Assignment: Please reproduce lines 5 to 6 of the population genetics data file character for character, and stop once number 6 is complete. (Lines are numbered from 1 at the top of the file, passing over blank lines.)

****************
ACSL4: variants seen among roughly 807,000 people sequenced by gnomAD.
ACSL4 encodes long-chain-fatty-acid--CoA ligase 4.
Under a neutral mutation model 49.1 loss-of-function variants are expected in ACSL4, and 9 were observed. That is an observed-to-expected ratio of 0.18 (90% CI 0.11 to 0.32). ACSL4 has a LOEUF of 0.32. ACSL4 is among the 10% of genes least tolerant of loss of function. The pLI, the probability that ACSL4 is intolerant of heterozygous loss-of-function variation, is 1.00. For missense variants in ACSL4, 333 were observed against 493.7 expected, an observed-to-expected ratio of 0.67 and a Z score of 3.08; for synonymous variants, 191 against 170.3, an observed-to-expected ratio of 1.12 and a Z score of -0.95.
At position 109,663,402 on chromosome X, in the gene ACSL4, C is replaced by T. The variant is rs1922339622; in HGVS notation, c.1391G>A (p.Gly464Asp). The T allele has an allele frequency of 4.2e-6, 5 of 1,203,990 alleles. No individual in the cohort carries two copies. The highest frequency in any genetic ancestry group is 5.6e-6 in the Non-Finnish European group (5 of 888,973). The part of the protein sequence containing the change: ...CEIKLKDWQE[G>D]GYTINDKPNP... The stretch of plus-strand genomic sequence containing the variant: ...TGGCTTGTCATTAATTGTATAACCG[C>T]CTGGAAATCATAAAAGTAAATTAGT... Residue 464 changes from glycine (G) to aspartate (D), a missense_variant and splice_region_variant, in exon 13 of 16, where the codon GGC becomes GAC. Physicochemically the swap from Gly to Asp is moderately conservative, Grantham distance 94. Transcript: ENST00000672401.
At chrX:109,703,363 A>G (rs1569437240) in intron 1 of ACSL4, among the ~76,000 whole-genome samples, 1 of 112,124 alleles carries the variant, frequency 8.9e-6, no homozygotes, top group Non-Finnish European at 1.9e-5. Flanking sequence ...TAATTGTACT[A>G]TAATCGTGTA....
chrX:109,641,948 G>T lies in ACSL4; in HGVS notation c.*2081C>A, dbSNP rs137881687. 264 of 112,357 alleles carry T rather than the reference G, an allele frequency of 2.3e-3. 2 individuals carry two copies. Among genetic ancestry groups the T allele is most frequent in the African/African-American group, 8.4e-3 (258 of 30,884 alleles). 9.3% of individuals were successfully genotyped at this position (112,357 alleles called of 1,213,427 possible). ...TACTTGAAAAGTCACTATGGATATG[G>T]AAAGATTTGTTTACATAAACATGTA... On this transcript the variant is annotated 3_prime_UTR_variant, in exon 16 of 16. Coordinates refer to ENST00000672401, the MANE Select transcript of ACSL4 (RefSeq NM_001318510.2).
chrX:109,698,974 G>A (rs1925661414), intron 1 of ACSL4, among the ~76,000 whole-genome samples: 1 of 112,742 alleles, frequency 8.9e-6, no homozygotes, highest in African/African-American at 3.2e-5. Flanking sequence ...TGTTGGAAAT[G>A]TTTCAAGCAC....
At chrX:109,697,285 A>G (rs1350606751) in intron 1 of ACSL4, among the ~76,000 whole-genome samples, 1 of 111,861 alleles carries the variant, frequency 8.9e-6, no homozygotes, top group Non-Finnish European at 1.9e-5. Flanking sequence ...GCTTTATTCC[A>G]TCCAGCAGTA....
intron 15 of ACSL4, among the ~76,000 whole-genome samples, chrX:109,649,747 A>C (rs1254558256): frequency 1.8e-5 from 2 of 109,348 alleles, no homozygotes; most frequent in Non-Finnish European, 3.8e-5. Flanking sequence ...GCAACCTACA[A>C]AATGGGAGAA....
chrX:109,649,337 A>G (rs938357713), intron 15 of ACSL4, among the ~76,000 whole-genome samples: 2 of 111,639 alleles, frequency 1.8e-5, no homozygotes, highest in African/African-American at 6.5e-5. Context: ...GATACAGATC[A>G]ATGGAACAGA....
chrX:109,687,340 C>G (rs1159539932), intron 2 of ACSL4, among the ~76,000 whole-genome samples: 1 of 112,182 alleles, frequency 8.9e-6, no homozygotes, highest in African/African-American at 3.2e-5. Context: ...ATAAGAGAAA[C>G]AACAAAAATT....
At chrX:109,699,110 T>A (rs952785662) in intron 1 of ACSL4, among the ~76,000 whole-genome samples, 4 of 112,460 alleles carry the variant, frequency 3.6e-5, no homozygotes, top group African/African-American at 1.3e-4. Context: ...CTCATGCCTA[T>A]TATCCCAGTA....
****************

At chrX:109,703,363 A>G (rs1569437240) in intron 1 of ACSL4, among the ~76,000 whole-genome samples, 1 of 112,124 alleles carries the variant, frequency 8.9e-6, no homozygotes, top group Non-Finnish European at 1.9e-5. Flanking sequence ...TAATTGTACT[A>G]TAATCGTGTA....
chrX:109,641,948 G>T lies in ACSL4; in HGVS notation c.*2081C>A, dbSNP rs137881687. 264 of 112,357 alleles carry T rather than the reference G, an allele frequency of 2.3e-3. 2 individuals carry two copies. Among genetic ancestry groups the T allele is most frequent in the African/African-American group, 8.4e-3 (258 of 30,884 alleles). 9.3% of individuals were successfully genotyped at this position (112,357 alleles called of 1,213,427 possible). ...TACTTGAAAAGTCACTATGGATATG[G>T]AAAGATTTGTTTACATAAACATGTA... On this transcript the variant is annotated 3_prime_UTR_variant, in exon 16 of 16. Coordinates refer to ENST00000672401, the MANE Select transcript of ACSL4 (RefSeq NM_001318510.2).